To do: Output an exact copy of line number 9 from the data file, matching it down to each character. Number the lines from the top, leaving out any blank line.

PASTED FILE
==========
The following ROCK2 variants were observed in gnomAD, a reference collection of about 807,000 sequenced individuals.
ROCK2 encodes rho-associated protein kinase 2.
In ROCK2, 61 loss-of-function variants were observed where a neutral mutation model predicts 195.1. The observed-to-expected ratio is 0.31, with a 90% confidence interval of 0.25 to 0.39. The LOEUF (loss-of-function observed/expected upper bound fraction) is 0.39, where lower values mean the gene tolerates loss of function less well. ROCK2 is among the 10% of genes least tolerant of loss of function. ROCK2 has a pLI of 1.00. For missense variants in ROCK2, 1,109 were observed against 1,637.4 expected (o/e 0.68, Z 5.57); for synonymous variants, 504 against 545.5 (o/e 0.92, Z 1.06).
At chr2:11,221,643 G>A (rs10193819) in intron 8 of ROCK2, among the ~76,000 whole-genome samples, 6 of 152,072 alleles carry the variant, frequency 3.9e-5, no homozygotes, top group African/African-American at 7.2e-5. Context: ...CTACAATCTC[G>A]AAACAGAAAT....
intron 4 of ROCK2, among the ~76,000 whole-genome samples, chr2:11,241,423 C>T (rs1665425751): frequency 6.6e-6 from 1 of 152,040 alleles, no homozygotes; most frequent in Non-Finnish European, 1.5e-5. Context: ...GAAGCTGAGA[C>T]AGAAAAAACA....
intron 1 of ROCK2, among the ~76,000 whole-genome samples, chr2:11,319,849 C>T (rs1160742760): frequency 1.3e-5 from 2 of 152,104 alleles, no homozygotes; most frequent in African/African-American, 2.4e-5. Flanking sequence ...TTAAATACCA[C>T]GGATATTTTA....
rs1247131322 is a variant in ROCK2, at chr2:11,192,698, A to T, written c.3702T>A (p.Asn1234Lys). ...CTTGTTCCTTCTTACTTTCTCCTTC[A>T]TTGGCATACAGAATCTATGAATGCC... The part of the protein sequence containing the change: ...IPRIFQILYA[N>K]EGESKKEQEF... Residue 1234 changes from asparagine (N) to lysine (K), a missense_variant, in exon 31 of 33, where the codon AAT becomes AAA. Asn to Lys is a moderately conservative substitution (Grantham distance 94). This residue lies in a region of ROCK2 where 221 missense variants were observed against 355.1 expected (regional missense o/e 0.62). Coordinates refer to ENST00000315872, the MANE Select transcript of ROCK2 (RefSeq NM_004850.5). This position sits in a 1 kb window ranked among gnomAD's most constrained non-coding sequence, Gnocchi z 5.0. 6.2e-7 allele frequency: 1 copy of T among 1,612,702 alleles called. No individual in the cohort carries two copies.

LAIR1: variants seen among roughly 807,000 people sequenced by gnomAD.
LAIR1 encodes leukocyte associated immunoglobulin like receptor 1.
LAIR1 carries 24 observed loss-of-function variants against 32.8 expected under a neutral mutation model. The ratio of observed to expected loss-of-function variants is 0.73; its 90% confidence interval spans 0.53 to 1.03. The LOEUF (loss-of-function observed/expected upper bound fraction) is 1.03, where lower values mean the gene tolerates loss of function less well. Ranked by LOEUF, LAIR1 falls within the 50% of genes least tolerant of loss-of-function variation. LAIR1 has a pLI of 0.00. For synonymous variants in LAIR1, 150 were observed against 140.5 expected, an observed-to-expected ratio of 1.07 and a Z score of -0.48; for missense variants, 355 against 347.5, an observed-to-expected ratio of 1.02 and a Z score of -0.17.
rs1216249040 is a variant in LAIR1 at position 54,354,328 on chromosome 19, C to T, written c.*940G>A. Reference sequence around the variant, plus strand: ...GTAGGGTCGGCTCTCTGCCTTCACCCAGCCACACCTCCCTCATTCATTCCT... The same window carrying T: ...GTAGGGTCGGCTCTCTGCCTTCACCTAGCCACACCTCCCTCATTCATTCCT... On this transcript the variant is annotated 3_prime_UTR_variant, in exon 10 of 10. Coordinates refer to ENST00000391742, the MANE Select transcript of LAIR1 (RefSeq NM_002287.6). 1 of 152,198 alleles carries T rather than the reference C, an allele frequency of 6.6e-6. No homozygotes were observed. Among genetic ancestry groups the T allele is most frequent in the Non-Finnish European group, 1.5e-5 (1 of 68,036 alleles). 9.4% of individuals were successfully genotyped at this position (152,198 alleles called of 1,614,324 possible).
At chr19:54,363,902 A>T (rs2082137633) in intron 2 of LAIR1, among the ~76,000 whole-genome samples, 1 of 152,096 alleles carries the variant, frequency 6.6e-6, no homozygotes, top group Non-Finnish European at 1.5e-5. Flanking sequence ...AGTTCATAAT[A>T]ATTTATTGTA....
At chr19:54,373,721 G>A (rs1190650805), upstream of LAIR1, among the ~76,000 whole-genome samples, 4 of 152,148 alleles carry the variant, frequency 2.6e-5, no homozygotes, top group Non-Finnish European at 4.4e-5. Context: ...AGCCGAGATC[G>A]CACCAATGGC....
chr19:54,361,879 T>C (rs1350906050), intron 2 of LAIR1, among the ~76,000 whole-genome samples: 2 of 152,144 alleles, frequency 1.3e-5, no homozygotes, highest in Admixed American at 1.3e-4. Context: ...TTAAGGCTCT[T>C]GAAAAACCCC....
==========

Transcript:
LAIR1 encodes leukocyte associated immunoglobulin like receptor 1.